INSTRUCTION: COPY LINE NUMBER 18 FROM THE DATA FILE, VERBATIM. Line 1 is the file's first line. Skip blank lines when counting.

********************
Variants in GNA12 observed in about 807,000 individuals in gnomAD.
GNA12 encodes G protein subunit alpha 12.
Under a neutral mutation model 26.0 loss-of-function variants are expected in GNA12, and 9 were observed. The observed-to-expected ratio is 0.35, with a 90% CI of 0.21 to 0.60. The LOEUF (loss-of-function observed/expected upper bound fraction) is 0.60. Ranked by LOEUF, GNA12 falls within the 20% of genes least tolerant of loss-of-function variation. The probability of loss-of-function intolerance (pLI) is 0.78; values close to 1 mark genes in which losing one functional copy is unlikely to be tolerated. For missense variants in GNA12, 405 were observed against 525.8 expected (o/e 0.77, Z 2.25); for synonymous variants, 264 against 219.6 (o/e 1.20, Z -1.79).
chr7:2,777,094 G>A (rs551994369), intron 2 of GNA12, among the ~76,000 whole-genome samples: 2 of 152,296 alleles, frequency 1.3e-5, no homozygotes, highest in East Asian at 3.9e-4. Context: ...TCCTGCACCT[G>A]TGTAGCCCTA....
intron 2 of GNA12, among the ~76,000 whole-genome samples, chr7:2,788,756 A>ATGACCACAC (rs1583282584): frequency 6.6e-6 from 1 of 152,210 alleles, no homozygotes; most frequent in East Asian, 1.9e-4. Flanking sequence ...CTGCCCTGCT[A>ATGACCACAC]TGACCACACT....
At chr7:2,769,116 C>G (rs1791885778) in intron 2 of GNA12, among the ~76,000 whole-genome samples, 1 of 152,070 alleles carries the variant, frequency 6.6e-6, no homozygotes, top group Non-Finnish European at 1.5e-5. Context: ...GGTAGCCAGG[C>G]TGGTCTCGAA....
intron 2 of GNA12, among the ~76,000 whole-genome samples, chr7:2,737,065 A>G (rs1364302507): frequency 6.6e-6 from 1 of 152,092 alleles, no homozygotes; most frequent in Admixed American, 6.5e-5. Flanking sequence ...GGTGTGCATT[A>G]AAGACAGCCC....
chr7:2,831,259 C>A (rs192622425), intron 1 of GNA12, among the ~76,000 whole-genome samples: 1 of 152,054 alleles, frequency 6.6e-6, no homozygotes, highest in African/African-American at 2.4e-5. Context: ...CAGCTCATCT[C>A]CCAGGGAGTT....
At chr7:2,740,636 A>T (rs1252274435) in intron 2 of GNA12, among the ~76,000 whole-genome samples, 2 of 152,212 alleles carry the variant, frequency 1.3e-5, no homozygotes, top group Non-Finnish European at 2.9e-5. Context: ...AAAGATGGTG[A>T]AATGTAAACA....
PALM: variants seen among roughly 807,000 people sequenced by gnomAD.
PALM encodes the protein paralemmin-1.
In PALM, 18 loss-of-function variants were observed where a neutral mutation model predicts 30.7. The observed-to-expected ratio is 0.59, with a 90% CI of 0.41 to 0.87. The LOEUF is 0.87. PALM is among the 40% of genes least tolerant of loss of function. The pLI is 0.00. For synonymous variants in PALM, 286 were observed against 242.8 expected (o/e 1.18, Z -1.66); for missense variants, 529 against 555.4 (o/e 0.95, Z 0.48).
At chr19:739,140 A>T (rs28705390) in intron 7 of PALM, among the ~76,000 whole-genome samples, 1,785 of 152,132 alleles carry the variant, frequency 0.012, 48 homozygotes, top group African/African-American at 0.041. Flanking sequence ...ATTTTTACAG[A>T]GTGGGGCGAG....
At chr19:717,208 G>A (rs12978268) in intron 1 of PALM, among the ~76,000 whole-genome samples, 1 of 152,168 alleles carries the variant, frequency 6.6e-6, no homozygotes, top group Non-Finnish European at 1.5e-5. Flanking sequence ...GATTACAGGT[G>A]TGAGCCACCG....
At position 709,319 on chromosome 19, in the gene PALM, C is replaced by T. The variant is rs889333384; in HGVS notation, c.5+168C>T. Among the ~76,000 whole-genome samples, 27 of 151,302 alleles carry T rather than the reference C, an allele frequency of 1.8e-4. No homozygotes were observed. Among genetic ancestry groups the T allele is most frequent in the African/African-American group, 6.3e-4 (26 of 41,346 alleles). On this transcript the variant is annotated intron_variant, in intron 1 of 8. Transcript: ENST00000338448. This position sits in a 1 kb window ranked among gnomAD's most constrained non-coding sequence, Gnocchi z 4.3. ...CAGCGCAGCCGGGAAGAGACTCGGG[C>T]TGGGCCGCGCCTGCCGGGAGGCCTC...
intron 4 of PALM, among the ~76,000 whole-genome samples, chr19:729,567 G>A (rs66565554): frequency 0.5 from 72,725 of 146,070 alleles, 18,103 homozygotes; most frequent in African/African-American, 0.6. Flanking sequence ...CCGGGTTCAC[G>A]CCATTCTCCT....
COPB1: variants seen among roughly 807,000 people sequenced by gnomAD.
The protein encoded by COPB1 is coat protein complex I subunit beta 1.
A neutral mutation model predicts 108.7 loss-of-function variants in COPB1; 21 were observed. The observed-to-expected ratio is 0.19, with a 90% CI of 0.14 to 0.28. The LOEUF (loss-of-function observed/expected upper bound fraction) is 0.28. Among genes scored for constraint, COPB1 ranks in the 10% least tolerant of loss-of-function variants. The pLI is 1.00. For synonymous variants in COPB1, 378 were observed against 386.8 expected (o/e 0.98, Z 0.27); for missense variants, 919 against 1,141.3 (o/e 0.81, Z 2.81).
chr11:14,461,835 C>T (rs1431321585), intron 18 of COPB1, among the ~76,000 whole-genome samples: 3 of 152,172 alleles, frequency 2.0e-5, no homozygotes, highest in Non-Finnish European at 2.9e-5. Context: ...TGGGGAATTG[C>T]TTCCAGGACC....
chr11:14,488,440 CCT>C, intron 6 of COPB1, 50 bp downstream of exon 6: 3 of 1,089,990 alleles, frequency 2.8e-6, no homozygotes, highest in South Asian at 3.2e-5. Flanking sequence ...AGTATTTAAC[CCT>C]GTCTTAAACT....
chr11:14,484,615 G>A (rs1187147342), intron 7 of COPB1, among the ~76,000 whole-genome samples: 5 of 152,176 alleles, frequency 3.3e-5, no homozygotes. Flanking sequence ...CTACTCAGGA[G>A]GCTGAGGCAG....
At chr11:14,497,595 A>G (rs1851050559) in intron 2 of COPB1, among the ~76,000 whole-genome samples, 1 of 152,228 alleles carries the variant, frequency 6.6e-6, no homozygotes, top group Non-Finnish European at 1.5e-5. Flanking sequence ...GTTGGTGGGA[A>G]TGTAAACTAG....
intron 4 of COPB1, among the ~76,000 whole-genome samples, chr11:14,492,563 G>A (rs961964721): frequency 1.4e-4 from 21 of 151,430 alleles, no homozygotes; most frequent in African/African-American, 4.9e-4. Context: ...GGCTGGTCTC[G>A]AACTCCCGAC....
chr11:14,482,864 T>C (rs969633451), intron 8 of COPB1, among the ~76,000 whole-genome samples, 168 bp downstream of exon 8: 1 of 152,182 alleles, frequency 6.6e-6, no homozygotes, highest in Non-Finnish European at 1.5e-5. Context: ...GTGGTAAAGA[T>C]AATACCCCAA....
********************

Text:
The protein encoded by COPB1 is coat protein complex I subunit beta 1.